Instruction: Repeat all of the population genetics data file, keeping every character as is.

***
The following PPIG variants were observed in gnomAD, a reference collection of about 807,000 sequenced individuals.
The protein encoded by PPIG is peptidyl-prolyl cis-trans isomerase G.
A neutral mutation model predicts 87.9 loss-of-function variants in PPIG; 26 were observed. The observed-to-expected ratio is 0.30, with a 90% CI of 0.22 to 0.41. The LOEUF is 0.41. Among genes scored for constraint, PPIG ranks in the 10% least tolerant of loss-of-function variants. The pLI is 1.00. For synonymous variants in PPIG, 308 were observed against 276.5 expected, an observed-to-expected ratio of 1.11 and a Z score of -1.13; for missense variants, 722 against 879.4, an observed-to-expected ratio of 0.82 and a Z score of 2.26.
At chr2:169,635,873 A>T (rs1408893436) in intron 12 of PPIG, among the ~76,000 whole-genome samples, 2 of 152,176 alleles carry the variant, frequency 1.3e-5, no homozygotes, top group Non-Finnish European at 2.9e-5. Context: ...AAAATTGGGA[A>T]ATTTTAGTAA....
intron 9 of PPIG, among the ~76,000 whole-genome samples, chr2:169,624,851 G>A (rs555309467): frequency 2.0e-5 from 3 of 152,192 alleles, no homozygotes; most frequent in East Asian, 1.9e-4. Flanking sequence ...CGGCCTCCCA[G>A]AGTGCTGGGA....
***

The following PPIG variants were observed in gnomAD, a reference collection of about 807,000 sequenced individuals.
The protein encoded by PPIG is peptidyl-prolyl cis-trans isomerase G.
A neutral mutation model predicts 87.9 loss-of-function variants in PPIG; 26 were observed. The observed-to-expected ratio is 0.30, with a 90% CI of 0.22 to 0.41. The LOEUF is 0.41. Among genes scored for constraint, PPIG ranks in the 10% least tolerant of loss-of-function variants. The pLI is 1.00. For synonymous variants in PPIG, 308 were observed against 276.5 expected, an observed-to-expected ratio of 1.11 and a Z score of -1.13; for missense variants, 722 against 879.4, an observed-to-expected ratio of 0.82 and a Z score of 2.26.
At chr2:169,635,873 A>T (rs1408893436) in intron 12 of PPIG, among the ~76,000 whole-genome samples, 2 of 152,176 alleles carry the variant, frequency 1.3e-5, no homozygotes, top group Non-Finnish European at 2.9e-5. Context: ...AAAATTGGGA[A>T]ATTTTAGTAA....
intron 9 of PPIG, among the ~76,000 whole-genome samples, chr2:169,624,851 G>A (rs555309467): frequency 2.0e-5 from 3 of 152,192 alleles, no homozygotes; most frequent in East Asian, 1.9e-4. Flanking sequence ...CGGCCTCCCA[G>A]AGTGCTGGGA....